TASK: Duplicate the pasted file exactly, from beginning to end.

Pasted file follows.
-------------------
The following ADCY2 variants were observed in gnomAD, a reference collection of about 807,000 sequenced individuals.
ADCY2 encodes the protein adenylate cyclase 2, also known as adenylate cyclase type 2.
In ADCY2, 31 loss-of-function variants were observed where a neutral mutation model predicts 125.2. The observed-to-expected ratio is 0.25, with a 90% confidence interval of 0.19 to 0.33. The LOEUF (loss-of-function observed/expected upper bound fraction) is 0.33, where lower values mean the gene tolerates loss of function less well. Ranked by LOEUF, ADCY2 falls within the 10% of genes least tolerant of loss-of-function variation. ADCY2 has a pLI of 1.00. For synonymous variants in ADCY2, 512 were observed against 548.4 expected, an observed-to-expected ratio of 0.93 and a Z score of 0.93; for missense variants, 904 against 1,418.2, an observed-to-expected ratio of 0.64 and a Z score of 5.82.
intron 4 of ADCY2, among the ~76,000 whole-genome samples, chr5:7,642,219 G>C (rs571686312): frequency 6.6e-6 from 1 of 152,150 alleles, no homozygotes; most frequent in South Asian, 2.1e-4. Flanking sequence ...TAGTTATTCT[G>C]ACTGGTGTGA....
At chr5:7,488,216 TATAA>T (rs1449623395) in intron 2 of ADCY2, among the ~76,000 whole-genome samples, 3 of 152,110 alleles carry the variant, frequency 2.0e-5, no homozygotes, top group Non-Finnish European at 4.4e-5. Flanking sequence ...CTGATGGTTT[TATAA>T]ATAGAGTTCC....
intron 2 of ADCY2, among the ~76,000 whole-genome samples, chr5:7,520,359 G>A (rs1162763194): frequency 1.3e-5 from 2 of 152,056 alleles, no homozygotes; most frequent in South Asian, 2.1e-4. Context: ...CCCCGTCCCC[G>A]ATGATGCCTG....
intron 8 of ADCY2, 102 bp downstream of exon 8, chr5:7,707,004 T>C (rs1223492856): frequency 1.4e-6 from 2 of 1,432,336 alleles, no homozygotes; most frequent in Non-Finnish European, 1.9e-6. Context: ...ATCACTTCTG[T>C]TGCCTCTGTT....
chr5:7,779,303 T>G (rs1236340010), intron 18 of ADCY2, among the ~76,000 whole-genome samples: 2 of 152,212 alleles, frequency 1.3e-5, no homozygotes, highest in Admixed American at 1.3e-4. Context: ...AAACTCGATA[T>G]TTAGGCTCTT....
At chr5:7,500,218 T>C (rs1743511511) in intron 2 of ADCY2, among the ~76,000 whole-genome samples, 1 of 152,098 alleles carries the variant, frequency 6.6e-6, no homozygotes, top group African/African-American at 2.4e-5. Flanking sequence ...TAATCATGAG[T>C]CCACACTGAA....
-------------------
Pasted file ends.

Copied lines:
The following ADCY2 variants were observed in gnomAD, a reference collection of about 807,000 sequenced individuals.
ADCY2 encodes the protein adenylate cyclase 2, also known as adenylate cyclase type 2.
In ADCY2, 31 loss-of-function variants were observed where a neutral mutation model predicts 125.2. The observed-to-expected ratio is 0.25, with a 90% confidence interval of 0.19 to 0.33. The LOEUF (loss-of-function observed/expected upper bound fraction) is 0.33, where lower values mean the gene tolerates loss of function less well. Ranked by LOEUF, ADCY2 falls within the 10% of genes least tolerant of loss-of-function variation. ADCY2 has a pLI of 1.00. For synonymous variants in ADCY2, 512 were observed against 548.4 expected, an observed-to-expected ratio of 0.93 and a Z score of 0.93; for missense variants, 904 against 1,418.2, an observed-to-expected ratio of 0.64 and a Z score of 5.82.
intron 4 of ADCY2, among the ~76,000 whole-genome samples, chr5:7,642,219 G>C (rs571686312): frequency 6.6e-6 from 1 of 152,150 alleles, no homozygotes; most frequent in South Asian, 2.1e-4. Flanking sequence ...TAGTTATTCT[G>C]ACTGGTGTGA....
At chr5:7,488,216 TATAA>T (rs1449623395) in intron 2 of ADCY2, among the ~76,000 whole-genome samples, 3 of 152,110 alleles carry the variant, frequency 2.0e-5, no homozygotes, top group Non-Finnish European at 4.4e-5. Flanking sequence ...CTGATGGTTT[TATAA>T]ATAGAGTTCC....
intron 2 of ADCY2, among the ~76,000 whole-genome samples, chr5:7,520,359 G>A (rs1162763194): frequency 1.3e-5 from 2 of 152,056 alleles, no homozygotes; most frequent in South Asian, 2.1e-4. Context: ...CCCCGTCCCC[G>A]ATGATGCCTG....
intron 8 of ADCY2, 102 bp downstream of exon 8, chr5:7,707,004 T>C (rs1223492856): frequency 1.4e-6 from 2 of 1,432,336 alleles, no homozygotes; most frequent in Non-Finnish European, 1.9e-6. Context: ...ATCACTTCTG[T>C]TGCCTCTGTT....
chr5:7,779,303 T>G (rs1236340010), intron 18 of ADCY2, among the ~76,000 whole-genome samples: 2 of 152,212 alleles, frequency 1.3e-5, no homozygotes, highest in Admixed American at 1.3e-4. Context: ...AAACTCGATA[T>G]TTAGGCTCTT....
At chr5:7,500,218 T>C (rs1743511511) in intron 2 of ADCY2, among the ~76,000 whole-genome samples, 1 of 152,098 alleles carries the variant, frequency 6.6e-6, no homozygotes, top group African/African-American at 2.4e-5. Flanking sequence ...TAATCATGAG[T>C]CCACACTGAA....